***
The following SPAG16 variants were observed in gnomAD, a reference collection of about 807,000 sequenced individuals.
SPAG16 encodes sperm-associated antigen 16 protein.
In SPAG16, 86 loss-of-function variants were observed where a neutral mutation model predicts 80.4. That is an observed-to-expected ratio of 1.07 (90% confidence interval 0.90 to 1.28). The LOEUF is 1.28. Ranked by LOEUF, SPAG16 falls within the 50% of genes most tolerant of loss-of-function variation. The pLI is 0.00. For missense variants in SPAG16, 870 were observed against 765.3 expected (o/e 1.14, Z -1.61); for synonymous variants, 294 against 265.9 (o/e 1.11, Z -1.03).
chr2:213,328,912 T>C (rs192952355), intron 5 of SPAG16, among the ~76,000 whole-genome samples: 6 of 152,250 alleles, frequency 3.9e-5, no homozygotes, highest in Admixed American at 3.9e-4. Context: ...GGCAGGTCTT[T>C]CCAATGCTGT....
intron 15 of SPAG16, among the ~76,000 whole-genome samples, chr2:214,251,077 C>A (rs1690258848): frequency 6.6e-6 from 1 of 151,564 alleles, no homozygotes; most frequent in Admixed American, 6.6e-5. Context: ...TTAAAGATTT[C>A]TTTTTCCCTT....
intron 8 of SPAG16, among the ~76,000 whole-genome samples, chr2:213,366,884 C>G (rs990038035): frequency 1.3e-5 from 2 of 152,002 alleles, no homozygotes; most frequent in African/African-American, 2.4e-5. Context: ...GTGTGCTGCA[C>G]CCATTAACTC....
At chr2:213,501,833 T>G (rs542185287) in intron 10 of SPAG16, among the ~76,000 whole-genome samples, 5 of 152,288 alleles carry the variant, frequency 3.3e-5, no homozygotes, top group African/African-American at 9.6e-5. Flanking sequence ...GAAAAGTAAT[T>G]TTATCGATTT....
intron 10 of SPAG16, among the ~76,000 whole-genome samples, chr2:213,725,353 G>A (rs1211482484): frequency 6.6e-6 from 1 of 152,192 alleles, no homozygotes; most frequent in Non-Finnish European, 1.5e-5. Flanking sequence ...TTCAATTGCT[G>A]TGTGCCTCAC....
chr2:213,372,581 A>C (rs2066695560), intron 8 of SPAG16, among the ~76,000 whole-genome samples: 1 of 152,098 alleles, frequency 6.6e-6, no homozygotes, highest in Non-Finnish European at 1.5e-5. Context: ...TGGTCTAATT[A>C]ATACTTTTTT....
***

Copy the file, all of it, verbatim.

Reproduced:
The following SPAG16 variants were observed in gnomAD, a reference collection of about 807,000 sequenced individuals.
SPAG16 encodes sperm-associated antigen 16 protein.
In SPAG16, 86 loss-of-function variants were observed where a neutral mutation model predicts 80.4. That is an observed-to-expected ratio of 1.07 (90% confidence interval 0.90 to 1.28). The LOEUF is 1.28. Ranked by LOEUF, SPAG16 falls within the 50% of genes most tolerant of loss-of-function variation. The pLI is 0.00. For missense variants in SPAG16, 870 were observed against 765.3 expected (o/e 1.14, Z -1.61); for synonymous variants, 294 against 265.9 (o/e 1.11, Z -1.03).
chr2:213,328,912 T>C (rs192952355), intron 5 of SPAG16, among the ~76,000 whole-genome samples: 6 of 152,250 alleles, frequency 3.9e-5, no homozygotes, highest in Admixed American at 3.9e-4. Context: ...GGCAGGTCTT[T>C]CCAATGCTGT....
intron 15 of SPAG16, among the ~76,000 whole-genome samples, chr2:214,251,077 C>A (rs1690258848): frequency 6.6e-6 from 1 of 151,564 alleles, no homozygotes; most frequent in Admixed American, 6.6e-5. Context: ...TTAAAGATTT[C>A]TTTTTCCCTT....
intron 8 of SPAG16, among the ~76,000 whole-genome samples, chr2:213,366,884 C>G (rs990038035): frequency 1.3e-5 from 2 of 152,002 alleles, no homozygotes; most frequent in African/African-American, 2.4e-5. Context: ...GTGTGCTGCA[C>G]CCATTAACTC....
At chr2:213,501,833 T>G (rs542185287) in intron 10 of SPAG16, among the ~76,000 whole-genome samples, 5 of 152,288 alleles carry the variant, frequency 3.3e-5, no homozygotes, top group African/African-American at 9.6e-5. Flanking sequence ...GAAAAGTAAT[T>G]TTATCGATTT....
intron 10 of SPAG16, among the ~76,000 whole-genome samples, chr2:213,725,353 G>A (rs1211482484): frequency 6.6e-6 from 1 of 152,192 alleles, no homozygotes; most frequent in Non-Finnish European, 1.5e-5. Flanking sequence ...TTCAATTGCT[G>A]TGTGCCTCAC....
chr2:213,372,581 A>C (rs2066695560), intron 8 of SPAG16, among the ~76,000 whole-genome samples: 1 of 152,098 alleles, frequency 6.6e-6, no homozygotes, highest in Non-Finnish European at 1.5e-5. Context: ...TGGTCTAATT[A>C]ATACTTTTTT....